Top 10 Greatest Guitar Solos of the 70s

Eddie Van Halen holds his guitar close. Photo Credits: Instagram / 70smania

The guitar is one of the basic ensembles in rock and roll music. The 70s brought in legions of unforgettable classic rock songs, with some composed with fantastic guitar solos.

Let’s take a look at the top 10 solos that dominated the decade:


10. Sweet Child O Mine – Slash (Guns N’ Roses)

Everyone knows Sweet Child O Mine. The guitar solo in the song gave it an identity, a face. Its solo described as hysterical but at the same time sober. It doesn’t pull anyone out of their seat to jump up and down but gives them that mellow emotion to enjoy an oddly soothing vibe of hard rock.


9. Let There Be Rock – Angus Young (AC/DC)

With Let There Be Rock, Angus Young’s playing really set things on fire — literally. While they were recording for the song in 1977, the amp caught fire. Years later, the song’s guitar solo still makes speakers smoke.

Holding true to their hard rock essence, Angus Young makes the electric guitar an extension of that element.


8. Highway Star – Ritchie Blackmore (Deep Purple)

Blackmore puts it simply the purpose of the song: “I wanted it to be one of those songs you would listen to while speeding.

Highway Star serves as a standard of what heavy metal rock should be. The guitar solo has that wild, overflowing energy that fills listeners with energy to take this music to the highway.


7. Eruption – Eddie Van Halen (Van Halen)

Just as the song’s title, the guitar solo in this Van Halen masterpiece erupts right into the ears of listeners. It’s loud, extravagant, and aggressive. It doesn’t waste any time plunging listeners to the depths of rock and roll.

Eddie Van Halen takes listeners to space with this rare gem of a guitar solo.


6. Killer Queen – Brian May (Queen)

Brian May once said: “It was a conscious attempt to create a certain type of bell-like effect I heard in Mantovani’s music.

May goes for an evocative start. It has a dazzling composition. Like May’s playing was meant to seduce the listeners. As Mercury calls it “Fastidious and precise.”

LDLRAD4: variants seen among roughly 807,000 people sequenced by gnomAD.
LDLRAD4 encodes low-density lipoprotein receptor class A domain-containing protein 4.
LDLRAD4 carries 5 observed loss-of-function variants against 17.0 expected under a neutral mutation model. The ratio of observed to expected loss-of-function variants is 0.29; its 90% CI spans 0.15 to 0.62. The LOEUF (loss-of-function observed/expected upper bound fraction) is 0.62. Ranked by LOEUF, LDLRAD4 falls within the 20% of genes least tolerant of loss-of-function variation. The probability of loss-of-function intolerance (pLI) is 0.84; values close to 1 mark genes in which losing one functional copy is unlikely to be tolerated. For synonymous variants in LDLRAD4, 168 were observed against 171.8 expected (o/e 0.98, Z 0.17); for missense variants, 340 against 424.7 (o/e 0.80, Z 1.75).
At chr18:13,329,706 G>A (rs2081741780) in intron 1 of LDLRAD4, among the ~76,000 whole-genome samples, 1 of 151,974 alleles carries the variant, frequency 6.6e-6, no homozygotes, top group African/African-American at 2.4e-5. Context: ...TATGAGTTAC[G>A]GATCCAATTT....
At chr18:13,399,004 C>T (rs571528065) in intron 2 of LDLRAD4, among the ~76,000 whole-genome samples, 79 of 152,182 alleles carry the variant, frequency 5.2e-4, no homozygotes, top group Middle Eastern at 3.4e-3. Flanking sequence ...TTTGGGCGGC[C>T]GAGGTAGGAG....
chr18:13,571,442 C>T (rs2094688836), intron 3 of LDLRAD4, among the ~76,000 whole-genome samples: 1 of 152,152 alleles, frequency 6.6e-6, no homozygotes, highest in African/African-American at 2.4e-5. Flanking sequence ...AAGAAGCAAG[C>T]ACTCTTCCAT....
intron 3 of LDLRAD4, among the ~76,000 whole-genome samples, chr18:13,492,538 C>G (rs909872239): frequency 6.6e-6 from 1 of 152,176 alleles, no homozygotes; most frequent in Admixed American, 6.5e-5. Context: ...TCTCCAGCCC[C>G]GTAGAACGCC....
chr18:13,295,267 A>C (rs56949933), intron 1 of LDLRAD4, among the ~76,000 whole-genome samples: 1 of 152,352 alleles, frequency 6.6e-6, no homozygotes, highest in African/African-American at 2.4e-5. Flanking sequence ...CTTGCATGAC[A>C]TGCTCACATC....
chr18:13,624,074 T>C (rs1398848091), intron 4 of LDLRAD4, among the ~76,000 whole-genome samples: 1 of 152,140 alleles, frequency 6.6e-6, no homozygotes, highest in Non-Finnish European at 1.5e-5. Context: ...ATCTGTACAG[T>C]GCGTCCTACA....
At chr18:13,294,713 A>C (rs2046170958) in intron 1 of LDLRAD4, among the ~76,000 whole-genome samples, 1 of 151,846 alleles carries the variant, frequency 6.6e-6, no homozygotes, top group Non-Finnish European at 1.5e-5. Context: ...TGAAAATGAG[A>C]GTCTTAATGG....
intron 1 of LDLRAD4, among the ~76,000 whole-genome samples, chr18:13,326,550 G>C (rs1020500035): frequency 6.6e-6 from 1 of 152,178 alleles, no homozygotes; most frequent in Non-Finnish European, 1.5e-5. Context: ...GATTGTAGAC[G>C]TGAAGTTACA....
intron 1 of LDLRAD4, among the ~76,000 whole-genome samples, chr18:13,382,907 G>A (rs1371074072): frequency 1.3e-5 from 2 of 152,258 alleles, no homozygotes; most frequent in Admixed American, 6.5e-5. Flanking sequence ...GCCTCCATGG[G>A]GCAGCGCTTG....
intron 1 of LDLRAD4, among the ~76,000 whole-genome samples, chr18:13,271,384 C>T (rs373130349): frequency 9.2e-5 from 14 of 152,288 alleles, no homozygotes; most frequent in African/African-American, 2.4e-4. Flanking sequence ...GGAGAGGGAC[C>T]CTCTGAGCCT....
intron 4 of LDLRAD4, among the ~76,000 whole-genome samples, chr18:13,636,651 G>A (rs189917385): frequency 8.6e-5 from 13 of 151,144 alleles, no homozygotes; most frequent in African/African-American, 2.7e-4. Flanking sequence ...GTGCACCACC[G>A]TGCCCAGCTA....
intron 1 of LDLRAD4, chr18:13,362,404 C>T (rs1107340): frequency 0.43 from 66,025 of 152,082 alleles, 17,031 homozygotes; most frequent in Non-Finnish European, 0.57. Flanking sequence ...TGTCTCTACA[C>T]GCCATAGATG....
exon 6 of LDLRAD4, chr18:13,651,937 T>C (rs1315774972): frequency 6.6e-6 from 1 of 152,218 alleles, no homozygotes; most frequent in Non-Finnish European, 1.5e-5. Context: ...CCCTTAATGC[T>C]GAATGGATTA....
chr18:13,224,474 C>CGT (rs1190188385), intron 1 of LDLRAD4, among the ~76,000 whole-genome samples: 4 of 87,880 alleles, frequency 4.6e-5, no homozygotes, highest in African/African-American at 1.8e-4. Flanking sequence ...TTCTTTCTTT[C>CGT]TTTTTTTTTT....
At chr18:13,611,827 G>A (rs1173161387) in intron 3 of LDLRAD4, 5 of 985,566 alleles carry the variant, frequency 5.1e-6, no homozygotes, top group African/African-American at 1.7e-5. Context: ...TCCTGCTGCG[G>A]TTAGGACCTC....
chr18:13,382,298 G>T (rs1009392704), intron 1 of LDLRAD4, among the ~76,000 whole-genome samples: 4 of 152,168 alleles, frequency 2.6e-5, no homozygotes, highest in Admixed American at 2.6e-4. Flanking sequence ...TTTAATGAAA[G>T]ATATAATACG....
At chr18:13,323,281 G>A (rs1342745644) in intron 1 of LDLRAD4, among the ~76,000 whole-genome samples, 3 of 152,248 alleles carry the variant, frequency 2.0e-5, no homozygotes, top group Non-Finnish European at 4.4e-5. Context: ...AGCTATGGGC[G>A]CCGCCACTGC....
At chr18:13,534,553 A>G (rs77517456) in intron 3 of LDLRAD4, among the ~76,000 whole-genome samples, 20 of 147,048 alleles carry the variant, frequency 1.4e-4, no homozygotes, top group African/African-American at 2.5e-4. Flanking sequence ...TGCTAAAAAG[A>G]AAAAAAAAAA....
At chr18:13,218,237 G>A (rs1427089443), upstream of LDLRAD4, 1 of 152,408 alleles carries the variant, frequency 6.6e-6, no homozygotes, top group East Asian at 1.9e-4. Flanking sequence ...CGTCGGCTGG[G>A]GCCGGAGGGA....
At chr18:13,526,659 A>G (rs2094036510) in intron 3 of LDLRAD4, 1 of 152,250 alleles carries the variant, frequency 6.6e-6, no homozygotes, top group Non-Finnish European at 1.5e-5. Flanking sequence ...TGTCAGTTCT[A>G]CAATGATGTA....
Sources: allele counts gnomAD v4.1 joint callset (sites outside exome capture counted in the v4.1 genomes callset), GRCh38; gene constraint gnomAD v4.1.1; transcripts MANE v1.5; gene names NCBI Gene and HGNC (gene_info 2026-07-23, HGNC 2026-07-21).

5. Free Bird – Allen Collins (Lynyrd Skynyrd)

Allen Collins gives listeners the most American thing ever — his solo in Free Bird. It gives that pumping energy that is truly unforgettable. Fans of rock and roll will never be disappointed by this invigorating guitar solo.


4. Comfortably Numb – David Gilmour (Pink Floyd)

Comfortably Numb has two guitar solos that have that escalating drama. Considered as Gilmour’s shining moment, this track oozes with emotion. It’s emotional and melodic. Its music is enough to make hearts race.


3. All Along The Watchtower – Jimi Hendrix (The Jimi Hendrix Experience)

Hendrix’s adaptation of Dylan’s original is the stuff worth listening to all day on repeat. Hendrix’s playing at the opening of the song is intense but refined. His fingers work on the guitar to give that vibrato tone and that wah-wah magic he is famous for.

Listening pleasure increases as he picks up the line ‘as the wind begin to howl’. He combines it with another intense solo. Hendrix’s playing was a force of nature that should be reckoned with.


2. Hotel California – Don Felder and Joe Walsh (Eagles)

Considered as the band’s most well-known hits of the band. The guitar solo is lengthy, but it doesn’t bore the listener.

Nuno Bettencourt of Extreme praises Felder and Walsh playing as “one of the most tasty, incredible, melodic solos, and it also has fantastic tone. It’s an emotional one as well.


1. Stairway to Heaven – Jimmy Page (Led Zeppelin)

Led Zeppelin’s Stairway To Heaven English folk music with Jimmy Page’s energized electric guitar solo. The intricate guitar solo is considered as one of the greatest in rock and roll history.

Page combines the music of the Renaissance and hard rock and incorporates it to the song effortlessly. The solo becomes climatic and intricate, flawlessly blending these two genres. It shows the ability of Page’s skill as a guitarist: effortless but precise.

Stairway To Heaven guitar solo has that flurry of notes that has since gone down in history as the base of modern guitar rock playing.